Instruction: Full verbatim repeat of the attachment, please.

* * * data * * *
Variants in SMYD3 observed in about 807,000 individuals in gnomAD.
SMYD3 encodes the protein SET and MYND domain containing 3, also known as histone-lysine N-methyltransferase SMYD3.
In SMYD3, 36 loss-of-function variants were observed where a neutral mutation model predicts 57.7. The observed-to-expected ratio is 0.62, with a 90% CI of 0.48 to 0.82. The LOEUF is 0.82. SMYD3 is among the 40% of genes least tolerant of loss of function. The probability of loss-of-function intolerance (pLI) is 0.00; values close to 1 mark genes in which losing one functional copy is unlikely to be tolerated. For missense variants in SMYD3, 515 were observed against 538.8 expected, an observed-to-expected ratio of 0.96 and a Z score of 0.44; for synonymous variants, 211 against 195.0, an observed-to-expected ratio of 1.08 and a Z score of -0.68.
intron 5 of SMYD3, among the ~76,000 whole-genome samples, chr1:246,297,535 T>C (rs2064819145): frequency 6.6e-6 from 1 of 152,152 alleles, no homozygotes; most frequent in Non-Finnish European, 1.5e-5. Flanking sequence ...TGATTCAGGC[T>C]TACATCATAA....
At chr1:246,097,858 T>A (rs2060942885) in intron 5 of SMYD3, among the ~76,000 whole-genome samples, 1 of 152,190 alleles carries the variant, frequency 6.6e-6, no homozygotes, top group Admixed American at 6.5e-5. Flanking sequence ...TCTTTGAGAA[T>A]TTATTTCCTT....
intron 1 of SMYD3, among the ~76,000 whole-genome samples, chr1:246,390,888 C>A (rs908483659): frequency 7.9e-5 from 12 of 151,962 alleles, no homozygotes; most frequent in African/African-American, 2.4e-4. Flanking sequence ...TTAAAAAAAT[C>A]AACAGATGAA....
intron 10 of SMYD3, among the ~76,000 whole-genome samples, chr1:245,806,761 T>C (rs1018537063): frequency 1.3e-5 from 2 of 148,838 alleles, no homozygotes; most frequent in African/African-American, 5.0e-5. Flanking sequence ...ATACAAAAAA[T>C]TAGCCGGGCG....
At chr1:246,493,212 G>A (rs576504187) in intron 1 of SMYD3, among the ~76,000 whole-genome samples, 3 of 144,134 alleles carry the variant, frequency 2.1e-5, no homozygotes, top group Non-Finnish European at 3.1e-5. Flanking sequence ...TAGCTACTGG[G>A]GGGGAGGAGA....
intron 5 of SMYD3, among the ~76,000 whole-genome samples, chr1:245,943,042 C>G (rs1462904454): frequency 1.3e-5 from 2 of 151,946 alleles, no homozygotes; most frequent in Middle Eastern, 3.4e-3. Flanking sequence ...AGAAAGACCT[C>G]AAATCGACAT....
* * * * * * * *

Variants in SMYD3 observed in about 807,000 individuals in gnomAD.
SMYD3 encodes the protein SET and MYND domain containing 3, also known as histone-lysine N-methyltransferase SMYD3.
In SMYD3, 36 loss-of-function variants were observed where a neutral mutation model predicts 57.7. The observed-to-expected ratio is 0.62, with a 90% CI of 0.48 to 0.82. The LOEUF is 0.82. SMYD3 is among the 40% of genes least tolerant of loss of function. The probability of loss-of-function intolerance (pLI) is 0.00; values close to 1 mark genes in which losing one functional copy is unlikely to be tolerated. For missense variants in SMYD3, 515 were observed against 538.8 expected, an observed-to-expected ratio of 0.96 and a Z score of 0.44; for synonymous variants, 211 against 195.0, an observed-to-expected ratio of 1.08 and a Z score of -0.68.
intron 5 of SMYD3, among the ~76,000 whole-genome samples, chr1:246,297,535 T>C (rs2064819145): frequency 6.6e-6 from 1 of 152,152 alleles, no homozygotes; most frequent in Non-Finnish European, 1.5e-5. Flanking sequence ...TGATTCAGGC[T>C]TACATCATAA....
At chr1:246,097,858 T>A (rs2060942885) in intron 5 of SMYD3, among the ~76,000 whole-genome samples, 1 of 152,190 alleles carries the variant, frequency 6.6e-6, no homozygotes, top group Admixed American at 6.5e-5. Flanking sequence ...TCTTTGAGAA[T>A]TTATTTCCTT....
intron 1 of SMYD3, among the ~76,000 whole-genome samples, chr1:246,390,888 C>A (rs908483659): frequency 7.9e-5 from 12 of 151,962 alleles, no homozygotes; most frequent in African/African-American, 2.4e-4. Flanking sequence ...TTAAAAAAAT[C>A]AACAGATGAA....
intron 10 of SMYD3, among the ~76,000 whole-genome samples, chr1:245,806,761 T>C (rs1018537063): frequency 1.3e-5 from 2 of 148,838 alleles, no homozygotes; most frequent in African/African-American, 5.0e-5. Flanking sequence ...ATACAAAAAA[T>C]TAGCCGGGCG....
At chr1:246,493,212 G>A (rs576504187) in intron 1 of SMYD3, among the ~76,000 whole-genome samples, 3 of 144,134 alleles carry the variant, frequency 2.1e-5, no homozygotes, top group Non-Finnish European at 3.1e-5. Flanking sequence ...TAGCTACTGG[G>A]GGGGAGGAGA....
intron 5 of SMYD3, among the ~76,000 whole-genome samples, chr1:245,943,042 C>G (rs1462904454): frequency 1.3e-5 from 2 of 151,946 alleles, no homozygotes; most frequent in Middle Eastern, 3.4e-3. Flanking sequence ...AGAAAGACCT[C>G]AAATCGACAT....